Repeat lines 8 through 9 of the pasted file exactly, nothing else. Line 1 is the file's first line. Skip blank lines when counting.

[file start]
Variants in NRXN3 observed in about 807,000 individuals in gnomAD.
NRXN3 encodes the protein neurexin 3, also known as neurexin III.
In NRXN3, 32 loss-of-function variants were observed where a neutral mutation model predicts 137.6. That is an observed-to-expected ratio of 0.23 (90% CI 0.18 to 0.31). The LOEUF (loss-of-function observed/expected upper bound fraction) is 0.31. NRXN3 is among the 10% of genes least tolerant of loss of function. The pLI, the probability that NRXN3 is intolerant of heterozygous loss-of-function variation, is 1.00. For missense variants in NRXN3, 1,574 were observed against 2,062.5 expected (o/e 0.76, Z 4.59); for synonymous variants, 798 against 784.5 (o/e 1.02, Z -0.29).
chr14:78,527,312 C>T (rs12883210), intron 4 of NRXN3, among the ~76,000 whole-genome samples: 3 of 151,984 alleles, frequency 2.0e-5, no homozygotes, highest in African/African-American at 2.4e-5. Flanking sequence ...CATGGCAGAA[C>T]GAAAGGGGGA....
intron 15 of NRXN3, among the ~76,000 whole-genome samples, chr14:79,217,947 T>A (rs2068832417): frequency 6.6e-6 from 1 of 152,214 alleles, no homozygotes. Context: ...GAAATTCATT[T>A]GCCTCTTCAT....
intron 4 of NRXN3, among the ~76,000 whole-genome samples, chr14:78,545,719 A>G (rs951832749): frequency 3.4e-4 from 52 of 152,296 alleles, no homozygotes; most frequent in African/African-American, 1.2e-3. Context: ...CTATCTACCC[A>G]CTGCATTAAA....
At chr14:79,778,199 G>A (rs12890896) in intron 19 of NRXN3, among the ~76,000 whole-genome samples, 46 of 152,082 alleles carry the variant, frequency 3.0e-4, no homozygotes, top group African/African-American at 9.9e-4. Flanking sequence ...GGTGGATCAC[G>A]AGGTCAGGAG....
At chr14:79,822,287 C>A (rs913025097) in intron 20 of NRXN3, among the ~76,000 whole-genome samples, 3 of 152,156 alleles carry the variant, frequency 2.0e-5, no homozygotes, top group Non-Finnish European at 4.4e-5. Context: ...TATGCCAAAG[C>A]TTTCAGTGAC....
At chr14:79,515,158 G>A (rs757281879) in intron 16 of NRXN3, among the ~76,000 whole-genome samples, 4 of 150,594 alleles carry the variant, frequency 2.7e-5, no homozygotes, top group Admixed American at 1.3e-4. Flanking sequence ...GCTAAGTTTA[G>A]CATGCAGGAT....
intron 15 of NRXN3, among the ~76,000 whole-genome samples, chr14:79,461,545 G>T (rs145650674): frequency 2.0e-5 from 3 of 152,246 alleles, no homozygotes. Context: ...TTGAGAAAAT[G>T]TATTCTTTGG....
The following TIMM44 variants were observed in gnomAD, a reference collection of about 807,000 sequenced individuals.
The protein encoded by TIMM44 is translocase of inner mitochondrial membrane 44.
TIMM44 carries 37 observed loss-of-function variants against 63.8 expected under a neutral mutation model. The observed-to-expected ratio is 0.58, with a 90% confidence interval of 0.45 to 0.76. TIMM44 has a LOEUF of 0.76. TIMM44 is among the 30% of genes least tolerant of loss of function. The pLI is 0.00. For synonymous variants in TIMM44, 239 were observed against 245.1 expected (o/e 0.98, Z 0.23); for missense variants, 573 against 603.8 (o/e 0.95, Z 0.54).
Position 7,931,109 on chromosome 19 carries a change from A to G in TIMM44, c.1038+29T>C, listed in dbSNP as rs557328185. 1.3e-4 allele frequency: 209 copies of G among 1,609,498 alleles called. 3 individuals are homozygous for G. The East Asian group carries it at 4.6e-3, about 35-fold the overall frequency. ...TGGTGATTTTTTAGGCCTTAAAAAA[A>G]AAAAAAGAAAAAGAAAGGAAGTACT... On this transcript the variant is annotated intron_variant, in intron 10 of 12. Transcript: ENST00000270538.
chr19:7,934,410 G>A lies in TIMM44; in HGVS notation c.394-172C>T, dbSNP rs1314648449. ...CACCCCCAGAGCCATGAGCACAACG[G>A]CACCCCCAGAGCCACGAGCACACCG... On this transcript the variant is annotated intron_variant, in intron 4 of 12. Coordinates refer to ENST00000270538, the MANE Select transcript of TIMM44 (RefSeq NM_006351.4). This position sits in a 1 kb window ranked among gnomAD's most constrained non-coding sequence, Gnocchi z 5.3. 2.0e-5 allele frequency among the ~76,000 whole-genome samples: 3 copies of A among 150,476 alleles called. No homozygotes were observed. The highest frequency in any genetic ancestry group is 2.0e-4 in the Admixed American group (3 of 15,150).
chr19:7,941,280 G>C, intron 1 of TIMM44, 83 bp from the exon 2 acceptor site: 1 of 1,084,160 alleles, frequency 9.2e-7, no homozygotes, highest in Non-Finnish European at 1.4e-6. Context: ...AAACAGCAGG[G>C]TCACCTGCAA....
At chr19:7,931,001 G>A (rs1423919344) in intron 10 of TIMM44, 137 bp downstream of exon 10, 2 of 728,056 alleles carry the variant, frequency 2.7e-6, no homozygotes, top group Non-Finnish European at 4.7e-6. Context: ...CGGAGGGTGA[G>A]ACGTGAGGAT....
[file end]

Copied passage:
At chr14:79,822,287 C>A (rs913025097) in intron 20 of NRXN3, among the ~76,000 whole-genome samples, 3 of 152,156 alleles carry the variant, frequency 2.0e-5, no homozygotes, top group Non-Finnish European at 4.4e-5. Context: ...TATGCCAAAG[C>A]TTTCAGTGAC....
At chr14:79,515,158 G>A (rs757281879) in intron 16 of NRXN3, among the ~76,000 whole-genome samples, 4 of 150,594 alleles carry the variant, frequency 2.7e-5, no homozygotes, top group Admixed American at 1.3e-4. Flanking sequence ...GCTAAGTTTA[G>A]CATGCAGGAT....